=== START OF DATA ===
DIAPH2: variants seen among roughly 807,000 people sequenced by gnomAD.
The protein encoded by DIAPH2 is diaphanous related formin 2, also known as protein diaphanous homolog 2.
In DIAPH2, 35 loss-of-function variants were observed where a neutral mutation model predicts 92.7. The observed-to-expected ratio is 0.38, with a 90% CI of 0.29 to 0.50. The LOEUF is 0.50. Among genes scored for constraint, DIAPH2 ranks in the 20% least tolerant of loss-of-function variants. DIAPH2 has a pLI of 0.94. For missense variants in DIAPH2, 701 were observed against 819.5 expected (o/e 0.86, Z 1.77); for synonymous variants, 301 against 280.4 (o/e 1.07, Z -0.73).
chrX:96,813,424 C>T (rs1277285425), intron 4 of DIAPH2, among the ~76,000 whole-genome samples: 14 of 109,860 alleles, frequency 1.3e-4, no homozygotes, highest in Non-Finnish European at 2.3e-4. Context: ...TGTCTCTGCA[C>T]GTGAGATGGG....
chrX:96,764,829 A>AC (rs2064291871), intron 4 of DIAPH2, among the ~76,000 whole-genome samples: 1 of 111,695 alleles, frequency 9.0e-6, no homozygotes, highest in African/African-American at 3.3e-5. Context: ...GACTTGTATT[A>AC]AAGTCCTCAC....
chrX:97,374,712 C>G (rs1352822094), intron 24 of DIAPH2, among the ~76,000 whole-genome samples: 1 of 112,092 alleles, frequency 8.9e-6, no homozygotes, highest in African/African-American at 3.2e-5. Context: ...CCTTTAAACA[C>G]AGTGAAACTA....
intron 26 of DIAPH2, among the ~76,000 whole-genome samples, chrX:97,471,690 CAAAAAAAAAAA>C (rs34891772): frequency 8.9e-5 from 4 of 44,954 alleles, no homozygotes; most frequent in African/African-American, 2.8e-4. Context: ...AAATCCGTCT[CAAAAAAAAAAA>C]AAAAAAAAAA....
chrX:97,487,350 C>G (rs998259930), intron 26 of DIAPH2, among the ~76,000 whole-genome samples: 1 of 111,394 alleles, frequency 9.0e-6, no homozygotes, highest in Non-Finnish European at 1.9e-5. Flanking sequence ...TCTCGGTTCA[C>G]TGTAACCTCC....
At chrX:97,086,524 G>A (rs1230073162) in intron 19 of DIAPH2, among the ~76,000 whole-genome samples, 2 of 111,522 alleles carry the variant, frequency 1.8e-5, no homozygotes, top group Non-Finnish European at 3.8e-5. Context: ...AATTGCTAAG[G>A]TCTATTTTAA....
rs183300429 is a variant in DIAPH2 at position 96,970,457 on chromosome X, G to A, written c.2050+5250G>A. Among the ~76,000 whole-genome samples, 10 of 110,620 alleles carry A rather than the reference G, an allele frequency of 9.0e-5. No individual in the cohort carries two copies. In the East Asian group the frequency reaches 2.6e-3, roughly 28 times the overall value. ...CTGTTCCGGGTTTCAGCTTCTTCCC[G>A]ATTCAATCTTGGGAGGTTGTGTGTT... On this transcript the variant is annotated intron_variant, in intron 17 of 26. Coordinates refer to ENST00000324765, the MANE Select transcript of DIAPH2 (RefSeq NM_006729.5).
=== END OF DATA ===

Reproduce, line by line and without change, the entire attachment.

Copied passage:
DIAPH2: variants seen among roughly 807,000 people sequenced by gnomAD.
The protein encoded by DIAPH2 is diaphanous related formin 2, also known as protein diaphanous homolog 2.
In DIAPH2, 35 loss-of-function variants were observed where a neutral mutation model predicts 92.7. The observed-to-expected ratio is 0.38, with a 90% CI of 0.29 to 0.50. The LOEUF is 0.50. Among genes scored for constraint, DIAPH2 ranks in the 20% least tolerant of loss-of-function variants. DIAPH2 has a pLI of 0.94. For missense variants in DIAPH2, 701 were observed against 819.5 expected (o/e 0.86, Z 1.77); for synonymous variants, 301 against 280.4 (o/e 1.07, Z -0.73).
chrX:96,813,424 C>T (rs1277285425), intron 4 of DIAPH2, among the ~76,000 whole-genome samples: 14 of 109,860 alleles, frequency 1.3e-4, no homozygotes, highest in Non-Finnish European at 2.3e-4. Context: ...TGTCTCTGCA[C>T]GTGAGATGGG....
chrX:96,764,829 A>AC (rs2064291871), intron 4 of DIAPH2, among the ~76,000 whole-genome samples: 1 of 111,695 alleles, frequency 9.0e-6, no homozygotes, highest in African/African-American at 3.3e-5. Context: ...GACTTGTATT[A>AC]AAGTCCTCAC....
chrX:97,374,712 C>G (rs1352822094), intron 24 of DIAPH2, among the ~76,000 whole-genome samples: 1 of 112,092 alleles, frequency 8.9e-6, no homozygotes, highest in African/African-American at 3.2e-5. Context: ...CCTTTAAACA[C>G]AGTGAAACTA....
intron 26 of DIAPH2, among the ~76,000 whole-genome samples, chrX:97,471,690 CAAAAAAAAAAA>C (rs34891772): frequency 8.9e-5 from 4 of 44,954 alleles, no homozygotes; most frequent in African/African-American, 2.8e-4. Context: ...AAATCCGTCT[CAAAAAAAAAAA>C]AAAAAAAAAA....
chrX:97,487,350 C>G (rs998259930), intron 26 of DIAPH2, among the ~76,000 whole-genome samples: 1 of 111,394 alleles, frequency 9.0e-6, no homozygotes, highest in Non-Finnish European at 1.9e-5. Flanking sequence ...TCTCGGTTCA[C>G]TGTAACCTCC....
At chrX:97,086,524 G>A (rs1230073162) in intron 19 of DIAPH2, among the ~76,000 whole-genome samples, 2 of 111,522 alleles carry the variant, frequency 1.8e-5, no homozygotes, top group Non-Finnish European at 3.8e-5. Context: ...AATTGCTAAG[G>A]TCTATTTTAA....
rs183300429 is a variant in DIAPH2 at position 96,970,457 on chromosome X, G to A, written c.2050+5250G>A. Among the ~76,000 whole-genome samples, 10 of 110,620 alleles carry A rather than the reference G, an allele frequency of 9.0e-5. No individual in the cohort carries two copies. In the East Asian group the frequency reaches 2.6e-3, roughly 28 times the overall value. ...CTGTTCCGGGTTTCAGCTTCTTCCC[G>A]ATTCAATCTTGGGAGGTTGTGTGTT... On this transcript the variant is annotated intron_variant, in intron 17 of 26. Coordinates refer to ENST00000324765, the MANE Select transcript of DIAPH2 (RefSeq NM_006729.5).